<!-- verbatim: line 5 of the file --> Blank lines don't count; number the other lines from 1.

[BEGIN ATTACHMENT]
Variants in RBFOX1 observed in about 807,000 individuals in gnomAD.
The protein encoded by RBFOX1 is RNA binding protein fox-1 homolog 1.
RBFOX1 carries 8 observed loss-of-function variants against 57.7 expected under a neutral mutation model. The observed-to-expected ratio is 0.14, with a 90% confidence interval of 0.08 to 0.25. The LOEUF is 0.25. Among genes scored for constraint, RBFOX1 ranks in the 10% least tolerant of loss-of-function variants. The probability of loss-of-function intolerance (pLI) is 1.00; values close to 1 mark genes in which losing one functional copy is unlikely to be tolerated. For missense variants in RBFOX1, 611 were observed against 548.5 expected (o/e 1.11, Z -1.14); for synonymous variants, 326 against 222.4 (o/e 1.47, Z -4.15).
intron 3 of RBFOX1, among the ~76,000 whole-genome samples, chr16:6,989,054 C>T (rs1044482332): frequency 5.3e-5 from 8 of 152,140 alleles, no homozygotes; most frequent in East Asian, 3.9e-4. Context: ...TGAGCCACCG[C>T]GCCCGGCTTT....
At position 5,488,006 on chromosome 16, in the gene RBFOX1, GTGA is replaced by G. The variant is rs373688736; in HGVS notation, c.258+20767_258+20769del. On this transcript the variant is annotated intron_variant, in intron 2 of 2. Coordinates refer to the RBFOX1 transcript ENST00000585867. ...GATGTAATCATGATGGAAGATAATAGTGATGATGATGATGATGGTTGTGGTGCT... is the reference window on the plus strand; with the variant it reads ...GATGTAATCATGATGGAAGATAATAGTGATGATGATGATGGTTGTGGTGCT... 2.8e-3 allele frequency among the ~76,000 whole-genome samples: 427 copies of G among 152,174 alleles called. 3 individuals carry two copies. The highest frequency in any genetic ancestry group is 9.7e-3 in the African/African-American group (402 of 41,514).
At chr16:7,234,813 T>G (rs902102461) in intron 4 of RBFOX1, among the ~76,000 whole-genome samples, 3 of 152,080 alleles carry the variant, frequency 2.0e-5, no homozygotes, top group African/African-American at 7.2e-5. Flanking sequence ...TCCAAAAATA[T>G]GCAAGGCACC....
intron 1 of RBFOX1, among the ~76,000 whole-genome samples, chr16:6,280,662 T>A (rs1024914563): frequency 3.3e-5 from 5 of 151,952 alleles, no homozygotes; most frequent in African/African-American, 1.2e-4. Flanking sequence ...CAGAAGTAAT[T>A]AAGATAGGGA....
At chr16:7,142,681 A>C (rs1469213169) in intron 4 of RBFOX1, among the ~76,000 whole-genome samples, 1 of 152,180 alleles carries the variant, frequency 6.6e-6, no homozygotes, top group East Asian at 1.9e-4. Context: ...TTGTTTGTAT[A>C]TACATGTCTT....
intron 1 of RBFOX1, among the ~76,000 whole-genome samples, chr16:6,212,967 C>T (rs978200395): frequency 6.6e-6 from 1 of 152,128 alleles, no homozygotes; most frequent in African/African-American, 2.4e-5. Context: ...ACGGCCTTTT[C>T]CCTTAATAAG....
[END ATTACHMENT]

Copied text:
At position 5,488,006 on chromosome 16, in the gene RBFOX1, GTGA is replaced by G. The variant is rs373688736; in HGVS notation, c.258+20767_258+20769del. On this transcript the variant is annotated intron_variant, in intron 2 of 2. Coordinates refer to the RBFOX1 transcript ENST00000585867. ...GATGTAATCATGATGGAAGATAATAGTGATGATGATGATGATGGTTGTGGTGCT... is the reference window on the plus strand; with the variant it reads ...GATGTAATCATGATGGAAGATAATAGTGATGATGATGATGGTTGTGGTGCT... 2.8e-3 allele frequency among the ~76,000 whole-genome samples: 427 copies of G among 152,174 alleles called. 3 individuals carry two copies. The highest frequency in any genetic ancestry group is 9.7e-3 in the African/African-American group (402 of 41,514).